'Onward,' writes Deborah on the back of this postcard as she begins to read The Avignon Quintet.
Some while ago I had an email from a woman called Deborah in America. She was in the middle of Lawrence Durrell's Alexandria Quartet and wanted - in fact needed - to talk about it with someone. When she was finished I suggested she read his Avignon Quintet, though I hedged my suggestion saying she might find it rather loosely constructed, unevenly written, possibly completely awful (I was repeating various remarks I have heard about it), but that I thought there are at least two and a half very good novels within the five, including a powerful and brilliantly observed historical account of the German occupation of Provence during the Second World War.
In the event and right from the start with the first volume, Monsieur, Deborah swept away all my qualifications about the Quintet which she read with a freshness and enthusiasm that reawakened my best feelings about the books.
For example I had this email about the first volume.
'I enjoyed Monsieur, I certainly did not want to stop reading it. My bookmark was covered with new words to look up too! If I have anything to complain about it is my own fault - I was reading it a little more analytically than usual, having read the Alexandria Quartet. Certainly comparisons are inevitable.
'I love Durrell as a writer, and this book is so beautifully written, line for line. And I admire that Durrell was always trying to do something new with the novel form: I was captivated by the layering of the stories within the book...
'The book is grim, and the clouds of death and mental illness make it, for me, a great read. It is a book written by an older person. I am in a place to appreciate that.
'I love the complexity of the religious aspect, and having been a zen Buddhist who studied the old koans with a teacher for more than a decade, I was moved by the search, the questioning, the being knocked-off-one's-pins aspect of Piers' religious search. That rang true.
'I think Durrell was a wordsmith and poet, as ever. There are some unforgettable moments, and it is haunting, atmospheric. I do want, and yet don't want, to read more - if you know what I mean.'
I very much enjoyed getting Deborah's reports, mostly by email, but sometimes very briefly on the backs of postcards.
I like postcards, sending and receiving them, and encouraged Deborah to do the same. And so a flow of Avignon postcards have passed back and forth between us, in some cases Deborah creating her own. A selection follows with some of the remarks which Deborah scribbled on the reverse.
'This card has a very different perspective than most Avignon cards. I am experimenting with the "write-over" technique.'
I had told Deborah that it did not matter if the postcard was already written on; just write over it, using an interlinear, or at a right angle, or in a different colour. Deborah wrote across this one at a right angle in fuschia; the original postcard was first sent in 1935.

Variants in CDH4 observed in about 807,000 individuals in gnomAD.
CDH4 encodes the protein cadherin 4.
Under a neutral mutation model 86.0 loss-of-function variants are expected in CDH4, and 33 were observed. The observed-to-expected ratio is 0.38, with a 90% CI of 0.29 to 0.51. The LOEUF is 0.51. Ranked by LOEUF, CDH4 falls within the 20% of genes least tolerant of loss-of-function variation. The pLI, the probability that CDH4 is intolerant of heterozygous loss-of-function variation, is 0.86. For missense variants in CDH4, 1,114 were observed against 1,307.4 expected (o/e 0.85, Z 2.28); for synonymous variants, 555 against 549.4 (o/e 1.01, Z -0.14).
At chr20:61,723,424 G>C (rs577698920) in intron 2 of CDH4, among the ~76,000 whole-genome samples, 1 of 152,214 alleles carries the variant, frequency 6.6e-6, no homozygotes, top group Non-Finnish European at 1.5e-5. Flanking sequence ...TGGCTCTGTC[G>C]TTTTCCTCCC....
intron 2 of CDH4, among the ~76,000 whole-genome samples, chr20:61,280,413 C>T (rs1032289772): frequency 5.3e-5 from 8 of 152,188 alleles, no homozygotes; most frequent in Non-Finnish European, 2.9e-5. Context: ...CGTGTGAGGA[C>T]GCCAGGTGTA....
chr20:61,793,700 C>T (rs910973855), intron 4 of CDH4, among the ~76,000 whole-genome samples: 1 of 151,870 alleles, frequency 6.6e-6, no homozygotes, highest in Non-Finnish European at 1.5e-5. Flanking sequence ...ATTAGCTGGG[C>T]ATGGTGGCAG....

'More nightwalking in Livia, with Felix and Blanford both in turmoil together, ending up propped in oil cans in front of a brothel window in the dark.'
'The open windows, the curtains blowing, the smell of lavender in the air.'
'I am just now exactly halfway through the Quintet. Sam's death, Freud, Alexandria in the collage with Avignon.'
'Having finished Constance, and in awe of that last chapter, I am carrying Sebastian which has begun with that intriguing gnostic-oriented conversation between the Prince and Affad. Hours of pleasure ahead. From my own experience it was interesting to see Constance enter the world of yoga in Sebastian.'
'I am reading and enjoying Sebastian, thinking about Durrell.'
'The sun is harsh but the shade is dark. Scent of honeysuckle at dusk. Plenty of olives. Don't you wish you were here?'
'This photo with its summerlight does not match the darkness of the Tu Duc chapter I have been re-reading in Constance. Durrell really captures the cold and darkness of Nazi occupied Avignon - what a contrast to the warm golden days before the war.'
'Here the calendar page turns and we start to feel summer is already behind us. And soon I will turn the last page of Quinx with its confusion, dancing and startling revelations.'
Deborah took her time over Quinx, as she told me in this email.
'I succumbed, after overnight guests, to a nap, but woke after minutes, so I read Quinx, which has been sorely (and deliberately in some ways) neglected. I completed the chapter where Sabine reunites (in more ways than one) and leads our characters to the fortune-telling. What follows is a most engaging stream of dream as they head off to Avignon - almost like riding off to the underworld - I loved it.
'I really don't want this series to end.'
A few days later another email.
'I meant to say before I came down with this cold (I have had no rest and the most fitful sleep) that I found I had very little to say at the end of Quinx. I found it to be a very satisfying ending, and I am basking in all the bits and pieces which I enjoyed very much.
'The Constance volume is of course the climax of the whole quintet, but what comes before and after is quite curious and engrossing. It will stay with me for a long time.
'Blanford says "And here I was hoping not only to tell the truth but also to free the novel a bit from the shackles of causality....An impossible task you always tell me, but the higher the risk the greater the promise!"
'I think Durrell succeeded.'